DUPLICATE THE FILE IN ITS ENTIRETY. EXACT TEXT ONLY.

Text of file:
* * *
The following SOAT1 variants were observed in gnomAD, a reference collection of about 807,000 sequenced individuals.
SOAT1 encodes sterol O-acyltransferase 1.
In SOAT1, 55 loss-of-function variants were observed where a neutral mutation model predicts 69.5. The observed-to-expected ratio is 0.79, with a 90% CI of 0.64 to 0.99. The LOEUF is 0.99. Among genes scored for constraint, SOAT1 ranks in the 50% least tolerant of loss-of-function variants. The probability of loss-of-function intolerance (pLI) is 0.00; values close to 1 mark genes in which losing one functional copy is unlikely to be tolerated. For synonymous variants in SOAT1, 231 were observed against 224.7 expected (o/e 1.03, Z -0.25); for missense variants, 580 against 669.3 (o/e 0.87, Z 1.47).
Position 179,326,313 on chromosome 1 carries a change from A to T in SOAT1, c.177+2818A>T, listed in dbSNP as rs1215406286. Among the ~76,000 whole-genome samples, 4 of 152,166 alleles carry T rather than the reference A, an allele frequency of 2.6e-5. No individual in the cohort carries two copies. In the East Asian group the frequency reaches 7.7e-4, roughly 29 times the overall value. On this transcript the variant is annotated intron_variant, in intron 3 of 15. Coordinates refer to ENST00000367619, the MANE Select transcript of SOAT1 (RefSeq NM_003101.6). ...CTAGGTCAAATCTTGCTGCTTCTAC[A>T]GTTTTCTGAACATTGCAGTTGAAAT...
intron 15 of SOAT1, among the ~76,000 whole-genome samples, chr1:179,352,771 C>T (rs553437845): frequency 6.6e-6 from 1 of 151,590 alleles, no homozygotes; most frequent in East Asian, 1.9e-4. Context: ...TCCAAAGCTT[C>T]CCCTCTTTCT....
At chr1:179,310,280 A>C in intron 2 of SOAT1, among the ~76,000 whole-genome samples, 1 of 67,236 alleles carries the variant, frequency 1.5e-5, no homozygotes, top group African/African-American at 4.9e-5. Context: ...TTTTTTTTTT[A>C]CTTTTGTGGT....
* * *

The following SOAT1 variants were observed in gnomAD, a reference collection of about 807,000 sequenced individuals.
SOAT1 encodes sterol O-acyltransferase 1.
In SOAT1, 55 loss-of-function variants were observed where a neutral mutation model predicts 69.5. The observed-to-expected ratio is 0.79, with a 90% CI of 0.64 to 0.99. The LOEUF is 0.99. Among genes scored for constraint, SOAT1 ranks in the 50% least tolerant of loss-of-function variants. The probability of loss-of-function intolerance (pLI) is 0.00; values close to 1 mark genes in which losing one functional copy is unlikely to be tolerated. For synonymous variants in SOAT1, 231 were observed against 224.7 expected (o/e 1.03, Z -0.25); for missense variants, 580 against 669.3 (o/e 0.87, Z 1.47).
Position 179,326,313 on chromosome 1 carries a change from A to T in SOAT1, c.177+2818A>T, listed in dbSNP as rs1215406286. Among the ~76,000 whole-genome samples, 4 of 152,166 alleles carry T rather than the reference A, an allele frequency of 2.6e-5. No individual in the cohort carries two copies. In the East Asian group the frequency reaches 7.7e-4, roughly 29 times the overall value. On this transcript the variant is annotated intron_variant, in intron 3 of 15. Coordinates refer to ENST00000367619, the MANE Select transcript of SOAT1 (RefSeq NM_003101.6). ...CTAGGTCAAATCTTGCTGCTTCTAC[A>T]GTTTTCTGAACATTGCAGTTGAAAT...
intron 15 of SOAT1, among the ~76,000 whole-genome samples, chr1:179,352,771 C>T (rs553437845): frequency 6.6e-6 from 1 of 151,590 alleles, no homozygotes; most frequent in East Asian, 1.9e-4. Context: ...TCCAAAGCTT[C>T]CCCTCTTTCT....
At chr1:179,310,280 A>C in intron 2 of SOAT1, among the ~76,000 whole-genome samples, 1 of 67,236 alleles carries the variant, frequency 1.5e-5, no homozygotes, top group African/African-American at 4.9e-5. Context: ...TTTTTTTTTT[A>C]CTTTTGTGGT....